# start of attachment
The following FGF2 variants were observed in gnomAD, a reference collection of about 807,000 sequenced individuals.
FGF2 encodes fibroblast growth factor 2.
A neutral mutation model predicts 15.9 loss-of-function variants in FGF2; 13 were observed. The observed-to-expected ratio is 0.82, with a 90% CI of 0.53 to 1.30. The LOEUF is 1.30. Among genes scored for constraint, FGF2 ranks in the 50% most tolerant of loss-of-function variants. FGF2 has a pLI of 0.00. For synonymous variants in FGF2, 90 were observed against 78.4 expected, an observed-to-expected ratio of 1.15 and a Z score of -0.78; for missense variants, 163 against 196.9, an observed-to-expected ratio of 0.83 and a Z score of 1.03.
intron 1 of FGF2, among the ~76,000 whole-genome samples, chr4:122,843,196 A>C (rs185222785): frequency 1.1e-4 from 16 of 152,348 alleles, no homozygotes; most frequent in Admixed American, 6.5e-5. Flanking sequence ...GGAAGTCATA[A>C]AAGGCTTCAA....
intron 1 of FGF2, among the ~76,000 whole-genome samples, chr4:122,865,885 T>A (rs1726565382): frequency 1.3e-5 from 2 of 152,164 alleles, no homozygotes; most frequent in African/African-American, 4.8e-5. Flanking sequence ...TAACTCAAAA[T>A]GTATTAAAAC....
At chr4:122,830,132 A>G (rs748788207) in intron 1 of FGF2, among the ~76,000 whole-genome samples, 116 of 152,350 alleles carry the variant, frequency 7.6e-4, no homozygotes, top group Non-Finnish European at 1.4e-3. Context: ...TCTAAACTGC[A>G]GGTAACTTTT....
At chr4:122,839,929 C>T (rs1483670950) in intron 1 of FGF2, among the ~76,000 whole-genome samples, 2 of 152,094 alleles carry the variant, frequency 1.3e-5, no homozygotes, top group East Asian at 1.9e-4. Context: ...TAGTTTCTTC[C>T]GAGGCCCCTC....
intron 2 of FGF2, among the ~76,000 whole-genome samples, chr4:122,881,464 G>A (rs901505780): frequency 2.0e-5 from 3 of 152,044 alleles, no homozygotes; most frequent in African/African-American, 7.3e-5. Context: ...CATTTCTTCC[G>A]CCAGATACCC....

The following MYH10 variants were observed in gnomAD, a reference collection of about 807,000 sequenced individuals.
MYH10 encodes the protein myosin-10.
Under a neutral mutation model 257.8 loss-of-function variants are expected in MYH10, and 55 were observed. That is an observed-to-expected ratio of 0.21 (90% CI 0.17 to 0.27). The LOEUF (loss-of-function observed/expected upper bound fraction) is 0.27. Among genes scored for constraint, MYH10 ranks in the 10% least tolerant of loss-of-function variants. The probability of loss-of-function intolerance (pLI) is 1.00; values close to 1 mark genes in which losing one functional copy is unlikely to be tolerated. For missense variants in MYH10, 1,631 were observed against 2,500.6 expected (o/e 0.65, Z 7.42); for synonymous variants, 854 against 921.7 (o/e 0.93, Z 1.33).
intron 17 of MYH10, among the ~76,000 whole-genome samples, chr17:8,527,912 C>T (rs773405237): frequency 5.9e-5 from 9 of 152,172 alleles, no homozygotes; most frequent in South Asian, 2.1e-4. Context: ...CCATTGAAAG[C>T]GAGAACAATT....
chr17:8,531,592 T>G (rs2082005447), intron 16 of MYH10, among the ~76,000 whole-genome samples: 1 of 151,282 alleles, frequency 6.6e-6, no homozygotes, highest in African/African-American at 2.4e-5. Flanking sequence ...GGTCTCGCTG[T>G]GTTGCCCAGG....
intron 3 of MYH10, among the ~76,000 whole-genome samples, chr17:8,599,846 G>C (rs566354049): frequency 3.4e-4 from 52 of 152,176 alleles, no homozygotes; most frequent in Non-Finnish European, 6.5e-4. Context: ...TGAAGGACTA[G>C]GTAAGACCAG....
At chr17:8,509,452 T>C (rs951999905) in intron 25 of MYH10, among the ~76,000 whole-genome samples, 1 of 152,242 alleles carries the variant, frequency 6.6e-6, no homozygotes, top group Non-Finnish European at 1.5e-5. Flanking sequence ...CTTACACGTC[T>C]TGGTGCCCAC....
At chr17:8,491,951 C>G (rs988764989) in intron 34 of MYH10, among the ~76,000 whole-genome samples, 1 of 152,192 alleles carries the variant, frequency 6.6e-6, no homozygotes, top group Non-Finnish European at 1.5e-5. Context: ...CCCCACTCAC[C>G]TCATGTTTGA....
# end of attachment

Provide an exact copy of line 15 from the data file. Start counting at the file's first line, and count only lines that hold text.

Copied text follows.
At chr17:8,509,452 T>C (rs951999905) in intron 25 of MYH10, among the ~76,000 whole-genome samples, 1 of 152,242 alleles carries the variant, frequency 6.6e-6, no homozygotes, top group Non-Finnish European at 1.5e-5. Flanking sequence ...CTTACACGTC[T>C]TGGTGCCCAC....